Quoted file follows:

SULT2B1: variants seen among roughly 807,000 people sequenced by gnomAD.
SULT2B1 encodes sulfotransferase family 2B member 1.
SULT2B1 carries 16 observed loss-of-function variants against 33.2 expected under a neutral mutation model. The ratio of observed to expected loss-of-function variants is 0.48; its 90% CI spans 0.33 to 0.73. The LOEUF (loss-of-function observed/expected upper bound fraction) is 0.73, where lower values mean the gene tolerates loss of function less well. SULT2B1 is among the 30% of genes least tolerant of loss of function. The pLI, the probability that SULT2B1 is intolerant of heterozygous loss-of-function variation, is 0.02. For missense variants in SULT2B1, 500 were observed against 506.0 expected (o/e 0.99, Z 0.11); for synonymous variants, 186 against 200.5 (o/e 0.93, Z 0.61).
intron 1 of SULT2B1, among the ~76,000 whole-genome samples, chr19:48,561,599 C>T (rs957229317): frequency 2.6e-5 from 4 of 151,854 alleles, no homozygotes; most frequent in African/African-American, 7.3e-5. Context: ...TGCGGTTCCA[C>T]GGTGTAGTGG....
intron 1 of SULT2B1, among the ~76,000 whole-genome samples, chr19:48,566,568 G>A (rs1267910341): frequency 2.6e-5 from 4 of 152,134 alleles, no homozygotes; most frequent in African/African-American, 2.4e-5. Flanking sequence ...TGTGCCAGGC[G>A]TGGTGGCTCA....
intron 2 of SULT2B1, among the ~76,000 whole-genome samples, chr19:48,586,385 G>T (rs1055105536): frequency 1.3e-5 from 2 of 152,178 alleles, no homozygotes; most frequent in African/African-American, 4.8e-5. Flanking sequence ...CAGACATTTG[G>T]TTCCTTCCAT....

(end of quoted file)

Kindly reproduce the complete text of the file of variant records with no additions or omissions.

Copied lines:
SULT2B1: variants seen among roughly 807,000 people sequenced by gnomAD.
SULT2B1 encodes sulfotransferase family 2B member 1.
SULT2B1 carries 16 observed loss-of-function variants against 33.2 expected under a neutral mutation model. The ratio of observed to expected loss-of-function variants is 0.48; its 90% CI spans 0.33 to 0.73. The LOEUF (loss-of-function observed/expected upper bound fraction) is 0.73, where lower values mean the gene tolerates loss of function less well. SULT2B1 is among the 30% of genes least tolerant of loss of function. The pLI, the probability that SULT2B1 is intolerant of heterozygous loss-of-function variation, is 0.02. For missense variants in SULT2B1, 500 were observed against 506.0 expected (o/e 0.99, Z 0.11); for synonymous variants, 186 against 200.5 (o/e 0.93, Z 0.61).
intron 1 of SULT2B1, among the ~76,000 whole-genome samples, chr19:48,561,599 C>T (rs957229317): frequency 2.6e-5 from 4 of 151,854 alleles, no homozygotes; most frequent in African/African-American, 7.3e-5. Context: ...TGCGGTTCCA[C>T]GGTGTAGTGG....
intron 1 of SULT2B1, among the ~76,000 whole-genome samples, chr19:48,566,568 G>A (rs1267910341): frequency 2.6e-5 from 4 of 152,134 alleles, no homozygotes; most frequent in African/African-American, 2.4e-5. Flanking sequence ...TGTGCCAGGC[G>A]TGGTGGCTCA....
intron 2 of SULT2B1, among the ~76,000 whole-genome samples, chr19:48,586,385 G>T (rs1055105536): frequency 1.3e-5 from 2 of 152,178 alleles, no homozygotes; most frequent in African/African-American, 4.8e-5. Flanking sequence ...CAGACATTTG[G>T]TTCCTTCCAT....